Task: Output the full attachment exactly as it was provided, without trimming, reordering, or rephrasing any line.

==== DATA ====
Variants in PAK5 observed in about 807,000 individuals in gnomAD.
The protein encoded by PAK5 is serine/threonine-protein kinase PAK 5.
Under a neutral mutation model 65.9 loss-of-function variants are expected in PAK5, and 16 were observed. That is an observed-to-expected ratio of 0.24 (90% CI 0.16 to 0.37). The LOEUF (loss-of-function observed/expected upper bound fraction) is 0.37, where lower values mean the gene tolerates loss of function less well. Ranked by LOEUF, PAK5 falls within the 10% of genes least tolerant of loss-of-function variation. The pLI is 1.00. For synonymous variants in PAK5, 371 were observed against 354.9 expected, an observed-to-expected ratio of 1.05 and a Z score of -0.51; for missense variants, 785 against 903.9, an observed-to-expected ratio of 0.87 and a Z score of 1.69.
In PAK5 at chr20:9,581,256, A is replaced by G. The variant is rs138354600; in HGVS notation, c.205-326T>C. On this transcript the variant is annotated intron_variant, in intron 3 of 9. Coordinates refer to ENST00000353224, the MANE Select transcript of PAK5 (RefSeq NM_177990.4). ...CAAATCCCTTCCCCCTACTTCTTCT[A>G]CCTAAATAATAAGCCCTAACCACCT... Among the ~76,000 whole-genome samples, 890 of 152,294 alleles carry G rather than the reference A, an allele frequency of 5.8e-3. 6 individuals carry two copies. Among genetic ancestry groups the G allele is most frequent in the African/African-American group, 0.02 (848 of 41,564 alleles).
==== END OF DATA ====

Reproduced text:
Variants in PAK5 observed in about 807,000 individuals in gnomAD.
The protein encoded by PAK5 is serine/threonine-protein kinase PAK 5.
Under a neutral mutation model 65.9 loss-of-function variants are expected in PAK5, and 16 were observed. That is an observed-to-expected ratio of 0.24 (90% CI 0.16 to 0.37). The LOEUF (loss-of-function observed/expected upper bound fraction) is 0.37, where lower values mean the gene tolerates loss of function less well. Ranked by LOEUF, PAK5 falls within the 10% of genes least tolerant of loss-of-function variation. The pLI is 1.00. For synonymous variants in PAK5, 371 were observed against 354.9 expected, an observed-to-expected ratio of 1.05 and a Z score of -0.51; for missense variants, 785 against 903.9, an observed-to-expected ratio of 0.87 and a Z score of 1.69.
In PAK5 at chr20:9,581,256, A is replaced by G. The variant is rs138354600; in HGVS notation, c.205-326T>C. On this transcript the variant is annotated intron_variant, in intron 3 of 9. Coordinates refer to ENST00000353224, the MANE Select transcript of PAK5 (RefSeq NM_177990.4). ...CAAATCCCTTCCCCCTACTTCTTCT[A>G]CCTAAATAATAAGCCCTAACCACCT... Among the ~76,000 whole-genome samples, 890 of 152,294 alleles carry G rather than the reference A, an allele frequency of 5.8e-3. 6 individuals carry two copies. Among genetic ancestry groups the G allele is most frequent in the African/African-American group, 0.02 (848 of 41,564 alleles).